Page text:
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Despite criticism, Sporting KC points to effectiveness of long throw-in

Matt Besler

Photo by Gary Rohman/USA TODAY Sports Images


KANSAS CITY, Kan. — Soccer’s long throw-in didn’t originate in the nation’s heartland, but Sporting Kansas City has certainly staked a claim as perfecters of the play in MLS.

However, with it has come criticism.

Prior to Saturday’s scoreless draw between Real Salt Lake and Sporting KC, Real Salt Lake defender Tony Beltran called the play “garbage” while also admitting its effectiveness on the attacking end.

“They’ve got a lot of dangerous attacking pieces,” Beltran said in a preview video for Saturday’s game. “Obviously on set pieces they’re dangerous, and with this garbage long throw-in that they do, it’s dangerous. They’ve got a lot of good attacking players.”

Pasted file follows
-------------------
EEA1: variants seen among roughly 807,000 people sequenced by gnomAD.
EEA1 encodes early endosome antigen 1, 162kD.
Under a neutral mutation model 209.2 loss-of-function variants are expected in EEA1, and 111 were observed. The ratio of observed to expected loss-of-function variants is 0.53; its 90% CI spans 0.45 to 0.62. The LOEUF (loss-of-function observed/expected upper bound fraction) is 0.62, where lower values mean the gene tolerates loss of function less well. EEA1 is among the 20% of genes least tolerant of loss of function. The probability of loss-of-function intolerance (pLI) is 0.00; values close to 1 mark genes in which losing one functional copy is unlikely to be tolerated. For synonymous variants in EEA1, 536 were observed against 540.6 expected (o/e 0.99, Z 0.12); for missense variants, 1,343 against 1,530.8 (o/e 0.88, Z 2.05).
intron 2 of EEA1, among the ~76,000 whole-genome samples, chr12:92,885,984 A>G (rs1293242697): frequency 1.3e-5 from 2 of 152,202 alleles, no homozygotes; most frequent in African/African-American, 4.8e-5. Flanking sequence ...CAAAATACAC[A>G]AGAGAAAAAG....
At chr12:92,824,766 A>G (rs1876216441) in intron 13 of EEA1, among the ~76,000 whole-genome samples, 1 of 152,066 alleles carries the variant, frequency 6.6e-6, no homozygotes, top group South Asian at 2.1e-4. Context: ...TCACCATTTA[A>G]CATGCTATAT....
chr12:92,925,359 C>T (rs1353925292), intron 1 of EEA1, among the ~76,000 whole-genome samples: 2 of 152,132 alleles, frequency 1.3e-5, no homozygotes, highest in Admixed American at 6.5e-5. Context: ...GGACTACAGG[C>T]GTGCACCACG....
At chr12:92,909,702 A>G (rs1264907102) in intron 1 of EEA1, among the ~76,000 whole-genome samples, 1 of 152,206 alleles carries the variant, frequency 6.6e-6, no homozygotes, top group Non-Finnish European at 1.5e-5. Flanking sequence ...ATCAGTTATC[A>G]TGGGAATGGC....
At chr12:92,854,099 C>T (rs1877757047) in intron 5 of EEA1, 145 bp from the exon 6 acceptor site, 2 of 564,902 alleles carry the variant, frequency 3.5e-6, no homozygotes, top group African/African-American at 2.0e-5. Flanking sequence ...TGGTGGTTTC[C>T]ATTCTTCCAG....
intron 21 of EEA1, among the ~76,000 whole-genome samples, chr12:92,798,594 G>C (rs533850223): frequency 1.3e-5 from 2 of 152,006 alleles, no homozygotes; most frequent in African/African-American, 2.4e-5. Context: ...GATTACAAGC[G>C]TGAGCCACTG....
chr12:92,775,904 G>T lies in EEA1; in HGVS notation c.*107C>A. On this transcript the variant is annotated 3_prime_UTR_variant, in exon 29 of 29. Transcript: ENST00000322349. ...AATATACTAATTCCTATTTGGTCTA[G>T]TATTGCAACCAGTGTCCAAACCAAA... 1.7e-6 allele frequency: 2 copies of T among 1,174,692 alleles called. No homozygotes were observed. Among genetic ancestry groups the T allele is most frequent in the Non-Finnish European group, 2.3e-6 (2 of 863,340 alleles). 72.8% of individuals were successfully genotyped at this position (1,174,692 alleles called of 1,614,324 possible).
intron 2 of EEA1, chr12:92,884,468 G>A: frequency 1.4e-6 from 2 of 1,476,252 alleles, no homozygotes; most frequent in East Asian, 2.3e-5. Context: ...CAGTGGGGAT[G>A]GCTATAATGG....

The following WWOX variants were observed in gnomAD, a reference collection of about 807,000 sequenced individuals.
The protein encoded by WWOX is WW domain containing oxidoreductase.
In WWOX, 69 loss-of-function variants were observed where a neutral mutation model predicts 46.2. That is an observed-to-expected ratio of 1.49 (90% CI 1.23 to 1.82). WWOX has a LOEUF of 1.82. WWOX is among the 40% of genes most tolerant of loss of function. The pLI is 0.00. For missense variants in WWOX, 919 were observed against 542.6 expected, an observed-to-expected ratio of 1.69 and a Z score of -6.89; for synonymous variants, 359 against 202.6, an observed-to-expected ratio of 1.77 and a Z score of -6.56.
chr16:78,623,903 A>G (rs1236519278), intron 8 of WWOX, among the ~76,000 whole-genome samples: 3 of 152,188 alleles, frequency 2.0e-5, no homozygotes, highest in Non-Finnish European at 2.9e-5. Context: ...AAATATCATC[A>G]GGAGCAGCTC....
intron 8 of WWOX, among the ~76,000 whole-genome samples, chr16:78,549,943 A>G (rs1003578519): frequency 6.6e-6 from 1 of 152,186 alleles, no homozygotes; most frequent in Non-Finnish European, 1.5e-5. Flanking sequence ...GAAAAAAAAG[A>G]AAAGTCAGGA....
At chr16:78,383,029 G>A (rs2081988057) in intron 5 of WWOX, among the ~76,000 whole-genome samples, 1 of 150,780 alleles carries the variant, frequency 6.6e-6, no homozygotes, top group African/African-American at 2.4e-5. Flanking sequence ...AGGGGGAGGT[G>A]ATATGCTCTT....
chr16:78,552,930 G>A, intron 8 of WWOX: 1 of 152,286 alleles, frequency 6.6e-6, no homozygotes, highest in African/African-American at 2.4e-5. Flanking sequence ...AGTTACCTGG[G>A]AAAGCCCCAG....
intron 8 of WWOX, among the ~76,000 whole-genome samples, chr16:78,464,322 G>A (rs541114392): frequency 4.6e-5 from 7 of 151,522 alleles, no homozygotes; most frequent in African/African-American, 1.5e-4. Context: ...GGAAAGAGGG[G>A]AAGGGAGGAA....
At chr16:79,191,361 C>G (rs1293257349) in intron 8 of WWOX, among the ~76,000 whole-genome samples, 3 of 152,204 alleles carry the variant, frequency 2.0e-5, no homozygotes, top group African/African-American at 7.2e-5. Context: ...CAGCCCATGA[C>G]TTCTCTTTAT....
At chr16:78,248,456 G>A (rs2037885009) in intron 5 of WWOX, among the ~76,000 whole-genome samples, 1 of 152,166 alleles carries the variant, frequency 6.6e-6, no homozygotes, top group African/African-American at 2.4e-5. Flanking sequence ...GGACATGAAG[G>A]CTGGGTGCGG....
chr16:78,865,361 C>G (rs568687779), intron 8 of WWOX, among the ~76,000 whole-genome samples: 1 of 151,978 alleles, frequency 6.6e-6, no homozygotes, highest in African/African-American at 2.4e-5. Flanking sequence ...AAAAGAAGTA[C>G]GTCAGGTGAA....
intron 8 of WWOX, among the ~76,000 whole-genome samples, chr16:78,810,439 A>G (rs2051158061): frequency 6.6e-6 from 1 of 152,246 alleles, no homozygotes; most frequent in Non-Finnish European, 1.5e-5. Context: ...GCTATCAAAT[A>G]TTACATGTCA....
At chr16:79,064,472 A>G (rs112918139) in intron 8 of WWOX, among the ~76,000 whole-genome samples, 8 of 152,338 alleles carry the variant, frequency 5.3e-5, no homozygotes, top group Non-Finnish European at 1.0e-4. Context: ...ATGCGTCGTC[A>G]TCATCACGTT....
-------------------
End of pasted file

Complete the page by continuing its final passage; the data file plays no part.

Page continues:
Real Salt Lake manager Jeff Cassar said after the game that the frustration is primarily due to the havoc the long throw-in causes inside the penalty area.

“We talked about all week knowing what they were going to do and not getting frustrated,” Cassar said. “I get frustrated watching it, but you have to deal with it. It’s a dangerous ball at the top of the six-yard box at times, and a lot of times it’s the second ball that causes the big commotion. It just causes havoc. And on top of that we have to bring our whole team back to deal with it. If we kept three people forward, we’d probably catch them on the counter, but we’d also leave ourselves exposed.”

Also on Saturday, former Real Salt Lake manager and current New York City FC head man Jason Kreis spoke out against the long throw-in after his team’s 2-1 loss to the Philadelphia Union. His side dropped three points at home a week prior to Sporting KC on a long throw-in goal headed in by defender Ike Opara.